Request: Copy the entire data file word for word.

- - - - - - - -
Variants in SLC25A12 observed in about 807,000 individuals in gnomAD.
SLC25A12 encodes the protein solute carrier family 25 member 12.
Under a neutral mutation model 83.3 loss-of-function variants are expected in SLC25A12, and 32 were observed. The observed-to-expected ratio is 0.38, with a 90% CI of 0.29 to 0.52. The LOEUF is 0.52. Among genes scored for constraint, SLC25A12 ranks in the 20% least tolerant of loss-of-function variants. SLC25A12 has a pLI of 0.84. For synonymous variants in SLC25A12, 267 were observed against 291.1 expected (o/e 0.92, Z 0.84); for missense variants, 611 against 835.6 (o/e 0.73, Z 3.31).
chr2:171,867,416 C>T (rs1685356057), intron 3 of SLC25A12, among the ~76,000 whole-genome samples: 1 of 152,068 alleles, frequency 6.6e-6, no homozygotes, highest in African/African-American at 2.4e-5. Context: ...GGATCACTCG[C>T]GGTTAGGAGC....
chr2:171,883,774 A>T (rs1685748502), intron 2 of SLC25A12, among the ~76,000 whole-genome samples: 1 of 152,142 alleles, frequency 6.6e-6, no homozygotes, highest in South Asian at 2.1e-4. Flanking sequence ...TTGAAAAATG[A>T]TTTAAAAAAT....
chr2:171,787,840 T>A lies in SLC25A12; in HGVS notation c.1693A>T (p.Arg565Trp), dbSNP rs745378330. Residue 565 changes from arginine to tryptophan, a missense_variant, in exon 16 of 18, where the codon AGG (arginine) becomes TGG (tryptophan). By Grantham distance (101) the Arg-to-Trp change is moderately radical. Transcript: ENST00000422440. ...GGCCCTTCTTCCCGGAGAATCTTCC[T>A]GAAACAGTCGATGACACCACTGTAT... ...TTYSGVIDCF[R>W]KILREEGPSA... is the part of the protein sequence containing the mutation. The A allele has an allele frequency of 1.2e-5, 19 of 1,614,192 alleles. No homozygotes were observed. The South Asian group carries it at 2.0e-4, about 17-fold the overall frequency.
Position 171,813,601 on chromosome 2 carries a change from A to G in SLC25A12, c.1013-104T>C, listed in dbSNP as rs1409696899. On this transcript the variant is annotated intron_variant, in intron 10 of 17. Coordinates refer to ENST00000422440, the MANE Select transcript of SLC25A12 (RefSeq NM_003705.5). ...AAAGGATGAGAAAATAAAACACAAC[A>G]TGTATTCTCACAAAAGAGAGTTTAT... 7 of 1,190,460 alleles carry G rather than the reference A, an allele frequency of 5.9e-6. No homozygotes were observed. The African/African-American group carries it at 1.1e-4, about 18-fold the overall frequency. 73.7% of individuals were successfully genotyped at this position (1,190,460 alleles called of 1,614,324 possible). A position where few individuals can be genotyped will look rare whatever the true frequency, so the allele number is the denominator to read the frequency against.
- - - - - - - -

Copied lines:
Variants in SLC25A12 observed in about 807,000 individuals in gnomAD.
SLC25A12 encodes the protein solute carrier family 25 member 12.
Under a neutral mutation model 83.3 loss-of-function variants are expected in SLC25A12, and 32 were observed. The observed-to-expected ratio is 0.38, with a 90% CI of 0.29 to 0.52. The LOEUF is 0.52. Among genes scored for constraint, SLC25A12 ranks in the 20% least tolerant of loss-of-function variants. SLC25A12 has a pLI of 0.84. For synonymous variants in SLC25A12, 267 were observed against 291.1 expected (o/e 0.92, Z 0.84); for missense variants, 611 against 835.6 (o/e 0.73, Z 3.31).
chr2:171,867,416 C>T (rs1685356057), intron 3 of SLC25A12, among the ~76,000 whole-genome samples: 1 of 152,068 alleles, frequency 6.6e-6, no homozygotes, highest in African/African-American at 2.4e-5. Context: ...GGATCACTCG[C>T]GGTTAGGAGC....
chr2:171,883,774 A>T (rs1685748502), intron 2 of SLC25A12, among the ~76,000 whole-genome samples: 1 of 152,142 alleles, frequency 6.6e-6, no homozygotes, highest in South Asian at 2.1e-4. Flanking sequence ...TTGAAAAATG[A>T]TTTAAAAAAT....
chr2:171,787,840 T>A lies in SLC25A12; in HGVS notation c.1693A>T (p.Arg565Trp), dbSNP rs745378330. Residue 565 changes from arginine to tryptophan, a missense_variant, in exon 16 of 18, where the codon AGG (arginine) becomes TGG (tryptophan). By Grantham distance (101) the Arg-to-Trp change is moderately radical. Transcript: ENST00000422440. ...GGCCCTTCTTCCCGGAGAATCTTCC[T>A]GAAACAGTCGATGACACCACTGTAT... ...TTYSGVIDCF[R>W]KILREEGPSA... is the part of the protein sequence containing the mutation. The A allele has an allele frequency of 1.2e-5, 19 of 1,614,192 alleles. No homozygotes were observed. The South Asian group carries it at 2.0e-4, about 17-fold the overall frequency.
Position 171,813,601 on chromosome 2 carries a change from A to G in SLC25A12, c.1013-104T>C, listed in dbSNP as rs1409696899. On this transcript the variant is annotated intron_variant, in intron 10 of 17. Coordinates refer to ENST00000422440, the MANE Select transcript of SLC25A12 (RefSeq NM_003705.5). ...AAAGGATGAGAAAATAAAACACAAC[A>G]TGTATTCTCACAAAAGAGAGTTTAT... 7 of 1,190,460 alleles carry G rather than the reference A, an allele frequency of 5.9e-6. No homozygotes were observed. The African/African-American group carries it at 1.1e-4, about 18-fold the overall frequency. 73.7% of individuals were successfully genotyped at this position (1,190,460 alleles called of 1,614,324 possible). A position where few individuals can be genotyped will look rare whatever the true frequency, so the allele number is the denominator to read the frequency against.